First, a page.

Andrew Goldman has been writing for over 20 years and investing for the past 10 years. He currently writes about personal finance and investing for Wealthsimple. Andrew's past work has been published in The New York Times Magazine, Bloomberg Businessweek, New York Magazine and Wired. Television appearances include NBC's Today show as well as Fox News. Andrew holds a Bachelor of Arts (English) from the University of Texas. He and his wife Robin live in Westport, Connecticut with their two boys and a Bedlington terrier. In his spare time, he hosts “The Originals" podcast.
Credit scores are a little like doormen — depending on their quality, they’re either opening doors for you all over town or slamming them in your face just for kicks. Not only do credit scores dictate whether a bank will lend you money to finance a home or car, they’re also now a pretty standard metric for landlords, insurers and even sometimes employers to judge whether you're a good bet or not.
While reports from the big three credit reporting agencies Equifax, Experian and TransUnion provide dry non-judgmental accounts of your credit history, the FICO score reduces your entire financial trustworthiness into a three digit number. FICO stands for Fair Isaac & Company. Sadly, there’s not an ancient little fellow named “Fair Isaac” who computes each score on an adding machine; Fair Isaac was the 1956 collaboration of engineer Bill Fair and mathematician Earl Isaac. FICO's speciality is “predictive analytics,” meaning if you’ve been the type to default on your debts in the past, you’re probably the type to default on them in the future.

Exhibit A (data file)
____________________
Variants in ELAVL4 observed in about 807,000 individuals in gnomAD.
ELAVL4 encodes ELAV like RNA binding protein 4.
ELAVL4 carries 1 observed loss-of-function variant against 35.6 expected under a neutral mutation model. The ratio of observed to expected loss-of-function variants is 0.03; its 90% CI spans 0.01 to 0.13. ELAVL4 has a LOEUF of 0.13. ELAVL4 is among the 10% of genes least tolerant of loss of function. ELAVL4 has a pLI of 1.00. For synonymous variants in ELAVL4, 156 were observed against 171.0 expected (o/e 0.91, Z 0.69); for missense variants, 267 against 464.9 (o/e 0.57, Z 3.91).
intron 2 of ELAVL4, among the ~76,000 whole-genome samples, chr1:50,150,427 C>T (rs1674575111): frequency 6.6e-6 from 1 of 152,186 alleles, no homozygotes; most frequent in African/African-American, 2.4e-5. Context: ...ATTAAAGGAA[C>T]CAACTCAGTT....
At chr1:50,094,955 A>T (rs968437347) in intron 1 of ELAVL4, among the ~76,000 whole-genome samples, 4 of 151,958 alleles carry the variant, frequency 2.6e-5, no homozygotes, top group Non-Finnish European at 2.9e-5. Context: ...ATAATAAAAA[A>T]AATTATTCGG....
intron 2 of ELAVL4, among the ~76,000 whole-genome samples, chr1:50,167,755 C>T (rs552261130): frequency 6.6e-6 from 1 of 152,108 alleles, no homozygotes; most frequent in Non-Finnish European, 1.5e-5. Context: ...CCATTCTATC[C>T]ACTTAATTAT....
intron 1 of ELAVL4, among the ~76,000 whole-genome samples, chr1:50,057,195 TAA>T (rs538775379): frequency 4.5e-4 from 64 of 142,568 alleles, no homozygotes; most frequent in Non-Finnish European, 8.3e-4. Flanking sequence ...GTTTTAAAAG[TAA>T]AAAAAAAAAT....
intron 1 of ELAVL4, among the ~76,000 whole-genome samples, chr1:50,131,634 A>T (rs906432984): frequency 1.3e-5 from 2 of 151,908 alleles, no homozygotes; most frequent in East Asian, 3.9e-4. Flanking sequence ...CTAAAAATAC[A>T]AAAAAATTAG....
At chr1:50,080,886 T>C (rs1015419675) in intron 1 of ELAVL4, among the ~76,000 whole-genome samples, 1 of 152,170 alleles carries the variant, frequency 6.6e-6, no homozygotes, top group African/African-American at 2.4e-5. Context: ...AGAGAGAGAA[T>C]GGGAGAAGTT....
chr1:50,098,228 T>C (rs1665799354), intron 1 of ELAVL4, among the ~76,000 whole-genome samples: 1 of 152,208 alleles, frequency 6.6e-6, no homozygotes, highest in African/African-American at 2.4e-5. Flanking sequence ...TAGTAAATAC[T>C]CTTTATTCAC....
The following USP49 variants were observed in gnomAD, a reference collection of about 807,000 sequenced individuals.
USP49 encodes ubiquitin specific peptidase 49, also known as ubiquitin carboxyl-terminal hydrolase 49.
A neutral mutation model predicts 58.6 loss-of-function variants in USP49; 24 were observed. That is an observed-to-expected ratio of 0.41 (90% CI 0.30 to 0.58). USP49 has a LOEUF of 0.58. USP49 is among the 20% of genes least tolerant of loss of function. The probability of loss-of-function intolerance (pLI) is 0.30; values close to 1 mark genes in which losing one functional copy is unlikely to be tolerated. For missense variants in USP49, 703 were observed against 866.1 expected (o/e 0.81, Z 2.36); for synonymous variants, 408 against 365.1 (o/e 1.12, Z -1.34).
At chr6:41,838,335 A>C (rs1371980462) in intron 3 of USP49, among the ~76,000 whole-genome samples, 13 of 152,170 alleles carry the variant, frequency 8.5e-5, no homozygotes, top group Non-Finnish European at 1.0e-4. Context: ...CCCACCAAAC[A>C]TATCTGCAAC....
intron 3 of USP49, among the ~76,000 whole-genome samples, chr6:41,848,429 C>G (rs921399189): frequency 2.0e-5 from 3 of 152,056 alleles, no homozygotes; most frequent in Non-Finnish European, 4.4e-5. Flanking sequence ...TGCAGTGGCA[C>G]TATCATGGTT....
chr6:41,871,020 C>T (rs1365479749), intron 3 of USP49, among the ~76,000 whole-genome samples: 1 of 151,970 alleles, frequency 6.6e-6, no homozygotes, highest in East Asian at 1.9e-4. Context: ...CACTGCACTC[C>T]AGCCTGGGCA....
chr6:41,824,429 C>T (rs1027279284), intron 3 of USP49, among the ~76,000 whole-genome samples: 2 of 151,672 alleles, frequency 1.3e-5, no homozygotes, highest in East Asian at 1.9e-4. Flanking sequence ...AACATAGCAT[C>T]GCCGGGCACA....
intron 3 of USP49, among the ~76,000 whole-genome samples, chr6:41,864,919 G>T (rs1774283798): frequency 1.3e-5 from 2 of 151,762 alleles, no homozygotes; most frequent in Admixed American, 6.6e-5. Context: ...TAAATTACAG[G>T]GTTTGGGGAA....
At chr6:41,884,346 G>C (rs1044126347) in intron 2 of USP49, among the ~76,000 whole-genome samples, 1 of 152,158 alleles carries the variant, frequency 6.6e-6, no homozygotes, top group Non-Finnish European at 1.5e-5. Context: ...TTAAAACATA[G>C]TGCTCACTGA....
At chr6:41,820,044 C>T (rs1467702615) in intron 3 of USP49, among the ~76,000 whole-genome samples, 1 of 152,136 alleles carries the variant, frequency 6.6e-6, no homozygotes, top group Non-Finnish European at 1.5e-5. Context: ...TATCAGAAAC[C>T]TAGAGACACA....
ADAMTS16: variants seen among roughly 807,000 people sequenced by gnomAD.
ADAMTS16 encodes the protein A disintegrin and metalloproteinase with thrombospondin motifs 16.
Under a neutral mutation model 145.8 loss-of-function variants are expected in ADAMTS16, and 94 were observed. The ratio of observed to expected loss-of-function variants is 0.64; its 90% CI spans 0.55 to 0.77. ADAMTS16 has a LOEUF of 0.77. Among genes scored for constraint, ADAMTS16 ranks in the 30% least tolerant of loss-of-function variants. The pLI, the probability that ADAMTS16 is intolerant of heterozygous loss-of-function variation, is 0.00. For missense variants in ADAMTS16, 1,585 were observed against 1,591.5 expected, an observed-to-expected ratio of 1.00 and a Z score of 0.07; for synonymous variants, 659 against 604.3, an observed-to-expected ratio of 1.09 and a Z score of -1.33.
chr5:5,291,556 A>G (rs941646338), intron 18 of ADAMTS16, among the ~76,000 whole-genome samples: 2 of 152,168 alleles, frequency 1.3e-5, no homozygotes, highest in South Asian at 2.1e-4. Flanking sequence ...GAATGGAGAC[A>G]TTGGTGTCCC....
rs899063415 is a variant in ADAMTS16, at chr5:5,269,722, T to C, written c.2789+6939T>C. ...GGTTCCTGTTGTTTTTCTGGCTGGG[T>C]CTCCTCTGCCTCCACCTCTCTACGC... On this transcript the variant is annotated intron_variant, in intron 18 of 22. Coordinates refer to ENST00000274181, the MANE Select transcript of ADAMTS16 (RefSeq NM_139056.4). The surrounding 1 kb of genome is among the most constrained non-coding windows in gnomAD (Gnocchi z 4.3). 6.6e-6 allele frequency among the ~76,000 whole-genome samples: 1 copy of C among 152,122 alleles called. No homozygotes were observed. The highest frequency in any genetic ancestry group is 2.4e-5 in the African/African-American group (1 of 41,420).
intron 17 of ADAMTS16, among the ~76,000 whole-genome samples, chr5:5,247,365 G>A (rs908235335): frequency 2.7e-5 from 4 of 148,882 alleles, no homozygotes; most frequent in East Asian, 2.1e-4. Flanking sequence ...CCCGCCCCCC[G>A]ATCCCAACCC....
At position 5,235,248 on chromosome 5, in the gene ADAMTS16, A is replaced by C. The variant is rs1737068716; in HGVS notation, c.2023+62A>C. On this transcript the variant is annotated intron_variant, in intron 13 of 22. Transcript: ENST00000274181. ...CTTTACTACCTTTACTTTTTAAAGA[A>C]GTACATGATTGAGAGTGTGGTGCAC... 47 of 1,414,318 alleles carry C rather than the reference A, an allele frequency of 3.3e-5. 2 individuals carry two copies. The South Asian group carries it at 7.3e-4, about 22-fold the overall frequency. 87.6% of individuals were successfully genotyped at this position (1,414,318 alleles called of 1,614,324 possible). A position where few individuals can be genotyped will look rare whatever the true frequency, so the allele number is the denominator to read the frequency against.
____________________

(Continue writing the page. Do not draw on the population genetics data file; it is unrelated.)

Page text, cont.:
FICO scores range from 300 to 850, and the higher the the better. The credit world shall be your oyster with anything over 740. But those with scores under 620 are ineligible for mortgages underwritten by Fannie Mae or Freddie Mac, and will likely get saddled with very high interest mortgages if they can find anyone to even lend to them.
Though FICO isn’t forthcoming about the exact formula they use to compute the score, according to Money magazine, these are the weights they assign to various factors: 35% is payment history, 30% amount owed, 15% length of history, 10% new credit, 10% types of credit used. Late and missed payments are devastating. A long track record with a couple cards can be helpful, but opening too many credit cards may erode your score. A FICO score probably took decades to establish, so fixing a lousy one overnight is impossible. FICO itself describes it as a process as arduous as losing weight. Actionable fixes involve thoroughly checking with credit reporting agencies to make sure that you haven’t been mistakenly recorded as missing payments. The biggest fix, is, no surprise, bringing your balances down across the board.